Naoto Kan government intervenes in currency market to weaken yen
Naoto Kan stamped his authority on government policy, making the yen less of a one-way bet — even if the effects of intervention prove to be short-lived.
Japan waded into the currency market Wednesday for the first time in six years, buying dollars to weaken the surging yen, which is battering famed Japanese manufacturers like Toyota and Sony after spiking to 15-year highs.
The surprise move, a coordinated effort by the finance ministry and central bank, shows a newly empowered Kan stamping his authority on government policy and means the yen is now less of a one-way bet — even if the effects of intervention prove to be short-lived. Japanese officials would not provide a figure for how much yen the central bank sold in the market.
The currency has risen about 10 percent against the dollar this year, and business leaders were pressing the government for help. The yen's rise had gained momentum as worries about banks' exposure to the debt of European countries with stagnating economies triggered a search for safety. The yen and Swiss franc have been the prime havens for investors hoping to safely park their money this summer.
A strong yen hurts Japan's exporters — the mainstay drivers of the country's still-fragile economic recovery. It erodes their foreign income when repatriated and makes their products less competitive in overseas markets. Toyota Motor Corp. estimates that every 1-yen climb versus the dollar saps 30 billion yen ($351 million) from earnings.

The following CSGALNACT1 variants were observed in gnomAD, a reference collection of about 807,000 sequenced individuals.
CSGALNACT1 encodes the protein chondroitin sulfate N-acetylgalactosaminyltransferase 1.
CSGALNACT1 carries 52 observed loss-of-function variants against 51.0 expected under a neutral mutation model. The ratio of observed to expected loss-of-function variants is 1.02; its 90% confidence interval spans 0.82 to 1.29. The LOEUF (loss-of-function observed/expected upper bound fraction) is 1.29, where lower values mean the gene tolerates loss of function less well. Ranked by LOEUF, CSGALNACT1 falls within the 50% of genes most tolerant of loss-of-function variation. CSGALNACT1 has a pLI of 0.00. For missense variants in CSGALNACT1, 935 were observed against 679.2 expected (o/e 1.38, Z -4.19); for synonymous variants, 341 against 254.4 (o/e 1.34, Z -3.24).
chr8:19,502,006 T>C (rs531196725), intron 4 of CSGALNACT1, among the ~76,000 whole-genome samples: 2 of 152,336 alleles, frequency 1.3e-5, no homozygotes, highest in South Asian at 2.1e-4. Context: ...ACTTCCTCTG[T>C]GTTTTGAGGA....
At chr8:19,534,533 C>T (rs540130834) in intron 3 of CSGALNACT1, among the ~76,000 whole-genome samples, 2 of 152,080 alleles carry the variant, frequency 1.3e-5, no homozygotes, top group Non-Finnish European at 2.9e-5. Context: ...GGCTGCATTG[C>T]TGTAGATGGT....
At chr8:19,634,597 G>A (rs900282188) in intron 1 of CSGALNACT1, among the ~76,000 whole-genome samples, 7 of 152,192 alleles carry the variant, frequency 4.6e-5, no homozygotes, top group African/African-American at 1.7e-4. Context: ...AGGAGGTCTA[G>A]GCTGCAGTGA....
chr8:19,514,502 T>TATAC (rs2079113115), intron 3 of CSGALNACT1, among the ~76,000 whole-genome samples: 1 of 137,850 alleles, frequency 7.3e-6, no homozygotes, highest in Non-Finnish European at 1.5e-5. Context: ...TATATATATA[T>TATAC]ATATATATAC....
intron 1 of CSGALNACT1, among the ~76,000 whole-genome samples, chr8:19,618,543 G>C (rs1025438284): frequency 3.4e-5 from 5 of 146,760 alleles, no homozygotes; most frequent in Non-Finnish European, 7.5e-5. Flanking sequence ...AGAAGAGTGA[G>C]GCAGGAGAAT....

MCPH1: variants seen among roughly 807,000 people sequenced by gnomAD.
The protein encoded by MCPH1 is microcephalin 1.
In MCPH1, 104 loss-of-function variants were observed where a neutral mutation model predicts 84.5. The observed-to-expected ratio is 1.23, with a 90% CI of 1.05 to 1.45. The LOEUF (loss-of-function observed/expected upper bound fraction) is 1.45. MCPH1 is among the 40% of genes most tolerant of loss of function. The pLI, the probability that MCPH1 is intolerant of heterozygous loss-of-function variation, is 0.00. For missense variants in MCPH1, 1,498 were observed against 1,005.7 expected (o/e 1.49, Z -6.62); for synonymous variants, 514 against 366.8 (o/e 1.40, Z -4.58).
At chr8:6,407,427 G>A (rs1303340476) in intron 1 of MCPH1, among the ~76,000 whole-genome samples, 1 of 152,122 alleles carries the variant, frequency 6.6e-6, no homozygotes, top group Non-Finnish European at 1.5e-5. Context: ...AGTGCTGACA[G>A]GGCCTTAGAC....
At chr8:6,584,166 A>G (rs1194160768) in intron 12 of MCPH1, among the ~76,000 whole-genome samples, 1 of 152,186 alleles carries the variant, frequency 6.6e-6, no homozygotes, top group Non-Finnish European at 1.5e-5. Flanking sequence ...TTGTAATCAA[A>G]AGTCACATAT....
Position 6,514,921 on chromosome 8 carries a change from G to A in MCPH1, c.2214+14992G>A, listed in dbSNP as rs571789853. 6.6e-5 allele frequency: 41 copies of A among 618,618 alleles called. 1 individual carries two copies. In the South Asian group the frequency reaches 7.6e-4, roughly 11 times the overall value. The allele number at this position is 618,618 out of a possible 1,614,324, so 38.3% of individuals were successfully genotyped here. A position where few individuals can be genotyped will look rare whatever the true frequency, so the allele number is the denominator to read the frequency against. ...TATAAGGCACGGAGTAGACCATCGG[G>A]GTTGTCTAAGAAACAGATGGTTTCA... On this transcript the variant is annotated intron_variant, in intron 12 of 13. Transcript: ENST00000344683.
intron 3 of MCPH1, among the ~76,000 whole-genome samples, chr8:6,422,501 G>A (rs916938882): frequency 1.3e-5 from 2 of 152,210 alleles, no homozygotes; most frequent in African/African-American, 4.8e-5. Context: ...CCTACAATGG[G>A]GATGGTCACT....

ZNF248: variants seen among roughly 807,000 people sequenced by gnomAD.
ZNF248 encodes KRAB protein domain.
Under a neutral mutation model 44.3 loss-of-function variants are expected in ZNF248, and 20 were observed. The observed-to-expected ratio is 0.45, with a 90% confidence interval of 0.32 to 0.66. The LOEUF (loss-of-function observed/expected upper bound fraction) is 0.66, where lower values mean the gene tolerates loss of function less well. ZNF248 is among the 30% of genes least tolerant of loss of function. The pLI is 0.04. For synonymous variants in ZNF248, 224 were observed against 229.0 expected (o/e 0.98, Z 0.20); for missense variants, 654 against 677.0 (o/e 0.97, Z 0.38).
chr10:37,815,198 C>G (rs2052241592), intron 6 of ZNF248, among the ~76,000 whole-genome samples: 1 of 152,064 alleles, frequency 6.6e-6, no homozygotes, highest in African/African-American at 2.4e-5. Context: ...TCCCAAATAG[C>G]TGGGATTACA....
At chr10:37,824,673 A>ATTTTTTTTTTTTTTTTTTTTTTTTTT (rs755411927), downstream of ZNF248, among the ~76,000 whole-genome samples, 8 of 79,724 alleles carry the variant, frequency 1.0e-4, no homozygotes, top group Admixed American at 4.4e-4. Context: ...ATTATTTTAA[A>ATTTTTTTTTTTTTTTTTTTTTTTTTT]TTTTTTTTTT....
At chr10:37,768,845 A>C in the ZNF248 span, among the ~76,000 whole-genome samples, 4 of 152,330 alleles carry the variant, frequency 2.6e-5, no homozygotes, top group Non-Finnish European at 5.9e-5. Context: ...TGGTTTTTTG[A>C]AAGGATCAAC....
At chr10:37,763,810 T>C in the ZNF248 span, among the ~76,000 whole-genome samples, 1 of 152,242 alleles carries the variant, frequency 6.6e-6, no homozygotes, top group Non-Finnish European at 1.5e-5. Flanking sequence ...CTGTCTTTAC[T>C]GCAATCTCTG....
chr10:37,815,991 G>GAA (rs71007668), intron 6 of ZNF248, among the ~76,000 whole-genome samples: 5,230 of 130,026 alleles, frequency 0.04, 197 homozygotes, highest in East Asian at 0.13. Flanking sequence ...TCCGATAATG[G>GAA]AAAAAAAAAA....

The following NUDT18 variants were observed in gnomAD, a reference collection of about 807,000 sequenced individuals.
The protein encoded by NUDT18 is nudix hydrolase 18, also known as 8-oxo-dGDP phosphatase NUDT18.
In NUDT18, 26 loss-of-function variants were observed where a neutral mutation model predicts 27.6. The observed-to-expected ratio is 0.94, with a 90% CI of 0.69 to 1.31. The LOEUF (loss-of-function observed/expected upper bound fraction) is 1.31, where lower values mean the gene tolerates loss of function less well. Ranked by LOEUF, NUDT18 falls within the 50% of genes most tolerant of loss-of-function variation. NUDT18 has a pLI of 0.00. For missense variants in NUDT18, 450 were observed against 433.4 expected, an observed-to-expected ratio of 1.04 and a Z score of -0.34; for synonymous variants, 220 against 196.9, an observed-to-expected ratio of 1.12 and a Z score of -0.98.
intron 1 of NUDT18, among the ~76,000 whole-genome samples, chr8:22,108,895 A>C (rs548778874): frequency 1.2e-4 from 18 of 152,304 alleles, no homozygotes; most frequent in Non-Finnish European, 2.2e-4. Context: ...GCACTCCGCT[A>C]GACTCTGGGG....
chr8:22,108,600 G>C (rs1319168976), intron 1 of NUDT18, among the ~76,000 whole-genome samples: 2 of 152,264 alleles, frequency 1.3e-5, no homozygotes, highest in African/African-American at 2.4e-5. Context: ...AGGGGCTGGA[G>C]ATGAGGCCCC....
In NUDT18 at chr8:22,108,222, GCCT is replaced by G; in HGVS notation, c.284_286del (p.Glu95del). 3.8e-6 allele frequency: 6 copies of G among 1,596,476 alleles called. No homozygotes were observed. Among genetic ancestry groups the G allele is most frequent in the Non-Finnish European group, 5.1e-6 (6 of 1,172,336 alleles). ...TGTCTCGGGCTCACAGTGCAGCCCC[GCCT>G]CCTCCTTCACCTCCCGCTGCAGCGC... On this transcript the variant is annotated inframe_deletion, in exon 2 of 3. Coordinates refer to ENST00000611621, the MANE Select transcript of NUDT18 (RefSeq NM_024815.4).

In Washington, House Ways and Means Committee Chairman Sander Levin called Japan's currency intervention a "deeply disturbing development" and promised that Congress would be following the issue closely.
Levin is a Democrat from Michigan, home to U.S. automakers. He made his comments during a hearing on China's currency practices, which American manufacturers contend have cost millions of lost U.S. manufacturing jobs. "China is not the only country with a predatory exchange rate policy," Levin said.
The U.S. Treasury Department declined to comment on Japan's currency move.
The Japanese government now has a "sense of crisis" about the yen, said Tomoko Fujii, a senior currency strategist at Bank of America Merrill Lynch. Officials fear "further yen appreciation would undermine the Japanese economy," she said. Earlier in the week, Hitachi Ltd. president Hiroaki Nakanishi urged the government to tackle the strong yen, calling it a "big pressure" while trying to transform one of Japan's biggest companies into a nimbler operation.
The yen's rise has also underscored tensions with China. Some officials including the finance minister say China's purchases of Japanese government bonds might be helping to drive the yen higher even as Beijing keeps its currency tightly controlled to protect the country's exporters. The yuan has risen less than 1 percent against the dollar since mid-June when Beijing said it would allow it to trade more freely after keeping it virtually unchanged for 18 months.
After the Bank of Japan sold yen on Wednesday morning, the dollar jumped above 85 yen from its earlier low of 82.87 yen. It was the first currency intervention since March 2004. Stock investors cheered the move, sending the Nikkei 225 stock average up by 217.25 points, or 2.3 percent, to close at 9,516.56.
"We have conducted an intervention in order to suppress excessive fluctuations in the currency market," said Finance Minister Yoshihiko Noda. "We will closely monitor currency developments, and take firm action including intervention," Noda said.